Among the modern resources and freshly printed books offered at Alden Library resides a far older work that dates back eight centuries.
Alden Library’s Mahn Center for Archives and Special Collections on the fifth floor has housed a 13th century Latin manuscript Bible since its donation to the collection on April 7, 1979. It is the one millionth book registered in Alden’s collection, and can be viewed at the Mahn Center by signing a research form.
The Carr Liggett Advertising Inc. donated the Bible to Ohio University in memorial of Carr Liggett, an OU alumnus, according to a pamphlet produced shortly after the donation. The Bible formerly belonged to famed English poet William Morris and prior to that, a man named Ricardo Heredia.
Although the origin of the 396 page Bible remains largely unconfirmed, professor Charles Buchanan, the director of interdisciplinary arts and an instructor of a medieval art course, said artisans in France most likely produced the work to satisfy a demand at the time for portable Bibles. Buchanan said the process of Bible-making in the late medieval era moved toward an assembly line as opposed to being made in monasteries by monks.
Miriam Intrator, the special collections librarian at Alden, said at least three different people worked to create the Bible. One or more scribes created light ruling lines on sheepskin, and hand-lettered each page in Latin, the language of the church. Then, a rubricator would color in the incipits, or the letters that start each chapter. In this case, the colors are red and blue.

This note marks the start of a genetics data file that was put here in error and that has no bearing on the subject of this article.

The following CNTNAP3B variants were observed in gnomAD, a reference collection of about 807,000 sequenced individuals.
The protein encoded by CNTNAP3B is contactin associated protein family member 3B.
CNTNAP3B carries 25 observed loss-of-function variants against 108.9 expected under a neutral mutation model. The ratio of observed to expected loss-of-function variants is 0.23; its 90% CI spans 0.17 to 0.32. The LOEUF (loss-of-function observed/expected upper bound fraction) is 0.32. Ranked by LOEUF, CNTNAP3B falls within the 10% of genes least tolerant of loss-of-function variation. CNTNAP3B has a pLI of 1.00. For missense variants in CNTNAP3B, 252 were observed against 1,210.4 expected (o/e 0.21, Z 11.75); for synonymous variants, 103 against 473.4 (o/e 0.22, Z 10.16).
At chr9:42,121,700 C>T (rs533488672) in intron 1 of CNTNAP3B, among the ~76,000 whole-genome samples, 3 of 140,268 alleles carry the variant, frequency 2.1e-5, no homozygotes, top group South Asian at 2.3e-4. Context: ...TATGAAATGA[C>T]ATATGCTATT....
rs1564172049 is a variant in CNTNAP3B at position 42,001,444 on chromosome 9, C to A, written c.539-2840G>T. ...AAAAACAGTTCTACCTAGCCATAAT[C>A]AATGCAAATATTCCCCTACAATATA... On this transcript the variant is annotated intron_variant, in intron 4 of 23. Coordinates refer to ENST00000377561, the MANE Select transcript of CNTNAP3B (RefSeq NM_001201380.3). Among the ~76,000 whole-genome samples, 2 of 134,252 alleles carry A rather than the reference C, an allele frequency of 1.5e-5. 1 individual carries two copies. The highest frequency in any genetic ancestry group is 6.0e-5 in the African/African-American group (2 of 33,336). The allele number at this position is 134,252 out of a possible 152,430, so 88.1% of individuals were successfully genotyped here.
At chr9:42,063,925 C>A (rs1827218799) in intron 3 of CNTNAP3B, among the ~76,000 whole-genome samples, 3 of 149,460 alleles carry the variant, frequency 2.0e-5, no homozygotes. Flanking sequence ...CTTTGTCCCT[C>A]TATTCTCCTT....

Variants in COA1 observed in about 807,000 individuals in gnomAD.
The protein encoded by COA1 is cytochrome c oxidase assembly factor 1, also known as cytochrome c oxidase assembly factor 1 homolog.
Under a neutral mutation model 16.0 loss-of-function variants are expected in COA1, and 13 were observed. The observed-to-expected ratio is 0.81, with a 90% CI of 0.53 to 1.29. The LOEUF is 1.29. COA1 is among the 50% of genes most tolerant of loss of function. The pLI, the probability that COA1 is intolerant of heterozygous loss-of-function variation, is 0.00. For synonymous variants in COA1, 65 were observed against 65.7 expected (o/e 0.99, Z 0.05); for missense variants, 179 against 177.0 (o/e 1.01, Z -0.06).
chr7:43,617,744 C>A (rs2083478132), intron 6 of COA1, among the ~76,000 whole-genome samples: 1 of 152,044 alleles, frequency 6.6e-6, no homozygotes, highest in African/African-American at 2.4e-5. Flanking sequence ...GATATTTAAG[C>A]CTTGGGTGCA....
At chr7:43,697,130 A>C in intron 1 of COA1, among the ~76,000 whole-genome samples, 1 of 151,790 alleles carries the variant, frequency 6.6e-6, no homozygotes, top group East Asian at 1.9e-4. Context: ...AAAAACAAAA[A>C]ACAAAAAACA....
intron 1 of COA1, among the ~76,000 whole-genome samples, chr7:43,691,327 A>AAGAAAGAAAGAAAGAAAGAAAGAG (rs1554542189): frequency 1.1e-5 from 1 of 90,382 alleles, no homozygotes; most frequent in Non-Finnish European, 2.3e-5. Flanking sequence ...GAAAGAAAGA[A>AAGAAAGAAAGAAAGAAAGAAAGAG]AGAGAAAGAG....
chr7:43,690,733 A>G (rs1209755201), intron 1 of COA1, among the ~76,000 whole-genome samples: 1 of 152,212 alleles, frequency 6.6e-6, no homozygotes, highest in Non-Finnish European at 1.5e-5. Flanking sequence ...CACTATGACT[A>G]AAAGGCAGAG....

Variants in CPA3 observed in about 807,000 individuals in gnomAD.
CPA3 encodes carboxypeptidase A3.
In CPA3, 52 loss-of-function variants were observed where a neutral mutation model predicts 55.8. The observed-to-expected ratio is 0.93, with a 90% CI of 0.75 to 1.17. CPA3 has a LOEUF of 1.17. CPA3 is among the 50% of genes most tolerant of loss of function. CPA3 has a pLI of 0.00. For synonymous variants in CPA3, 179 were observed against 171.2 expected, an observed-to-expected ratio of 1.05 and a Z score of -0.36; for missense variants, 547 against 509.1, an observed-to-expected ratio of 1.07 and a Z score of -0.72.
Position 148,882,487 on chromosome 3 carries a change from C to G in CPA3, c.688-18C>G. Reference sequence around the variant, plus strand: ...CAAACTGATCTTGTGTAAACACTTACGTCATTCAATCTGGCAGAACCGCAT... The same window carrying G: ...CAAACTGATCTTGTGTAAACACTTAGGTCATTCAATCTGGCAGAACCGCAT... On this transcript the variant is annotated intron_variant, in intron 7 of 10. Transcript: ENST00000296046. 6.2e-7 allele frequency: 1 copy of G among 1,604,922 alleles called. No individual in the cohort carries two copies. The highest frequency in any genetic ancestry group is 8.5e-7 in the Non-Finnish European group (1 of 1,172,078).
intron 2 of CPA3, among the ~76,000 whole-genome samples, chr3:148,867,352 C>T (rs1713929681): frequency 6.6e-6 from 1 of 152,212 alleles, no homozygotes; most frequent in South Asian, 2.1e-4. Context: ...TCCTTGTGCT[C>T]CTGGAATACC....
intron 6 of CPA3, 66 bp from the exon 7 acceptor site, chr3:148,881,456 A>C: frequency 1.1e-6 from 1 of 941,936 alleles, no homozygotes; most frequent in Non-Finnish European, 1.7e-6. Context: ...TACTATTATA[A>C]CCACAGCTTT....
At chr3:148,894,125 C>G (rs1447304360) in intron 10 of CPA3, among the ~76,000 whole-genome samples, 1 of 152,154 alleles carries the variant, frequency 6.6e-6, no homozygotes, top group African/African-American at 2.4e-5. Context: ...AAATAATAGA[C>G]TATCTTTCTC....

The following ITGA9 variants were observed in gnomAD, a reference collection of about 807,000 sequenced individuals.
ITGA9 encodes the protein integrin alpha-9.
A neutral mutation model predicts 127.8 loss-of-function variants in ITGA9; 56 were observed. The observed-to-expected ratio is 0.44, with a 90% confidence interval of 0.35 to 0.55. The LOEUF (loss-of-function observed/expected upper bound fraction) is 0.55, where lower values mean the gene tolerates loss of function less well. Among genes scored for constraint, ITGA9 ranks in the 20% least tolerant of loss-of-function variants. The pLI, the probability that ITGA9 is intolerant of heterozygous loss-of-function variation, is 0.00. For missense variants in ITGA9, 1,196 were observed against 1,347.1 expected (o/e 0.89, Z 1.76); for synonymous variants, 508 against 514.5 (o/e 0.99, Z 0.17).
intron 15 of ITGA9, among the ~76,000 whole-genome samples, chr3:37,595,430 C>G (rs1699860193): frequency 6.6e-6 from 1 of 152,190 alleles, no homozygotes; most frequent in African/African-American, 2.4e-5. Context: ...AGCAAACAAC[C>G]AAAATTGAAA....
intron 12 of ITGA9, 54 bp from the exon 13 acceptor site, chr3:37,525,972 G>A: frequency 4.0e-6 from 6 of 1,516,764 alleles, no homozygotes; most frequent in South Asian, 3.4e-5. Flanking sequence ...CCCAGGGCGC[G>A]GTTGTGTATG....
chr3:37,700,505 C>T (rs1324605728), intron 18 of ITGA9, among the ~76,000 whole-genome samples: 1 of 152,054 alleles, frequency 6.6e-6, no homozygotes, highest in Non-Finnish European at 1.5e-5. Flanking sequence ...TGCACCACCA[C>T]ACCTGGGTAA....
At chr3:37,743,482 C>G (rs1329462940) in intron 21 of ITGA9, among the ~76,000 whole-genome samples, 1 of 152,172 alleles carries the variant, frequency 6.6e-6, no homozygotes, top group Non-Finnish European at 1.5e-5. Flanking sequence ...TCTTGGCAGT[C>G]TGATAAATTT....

Lastly, an illuminator painted 72 illustrations of animals, humans and hybrids, according to the pamphlet. As for the third category, the illuminator included winged dragons and gargoyles as representations of the devil. Illumination is the practice of including miniature illustrations and colored initials.
The practice was expensive in the 13th century — because of the price of paint — and exemplified wealth, and the gold used in the illumination is real, Intrator said.
The Bible is called a “pocket Bible” despite it being much larger than the modern idea of pocket-sized, but could be stored in a frock or robe, Buchanan said.
At one point, the Bible was taken to Spain and received a new binding made from goatskin. That aspect, along with a signature from a 17th century Spaniard, Bartolome De la Puente, prompted researchers to believe the work itself came from Spain. But, upon further inspection, France arose as the piece’s birthplace.
Along with De la Puente’s margin notes, two other scholars have made notes and drawings in the marginalia. According to the pamphlet, the notes date to the 14th and 15th century.
In addition to the hand-lettered Bible, Alden Library’s Archives and Special Collection also hold other works of religious significance such as a page or “leaf” from a Bible used by missionaries in the Americas along with many facsimiles, or copies, of medieval religious secular works including The Book of Kells.
Buchanan has brought classes, a graduate interdisciplinary arts class and an undergraduate medieval art class, to observe the Bible’s makeup, script and artwork.
He said the work represents a period when Bibles had become more commonplace and, for the first time, allowed people to read the holy book in a private setting.
“It’s one of the treasures of the library,” Buchanan said.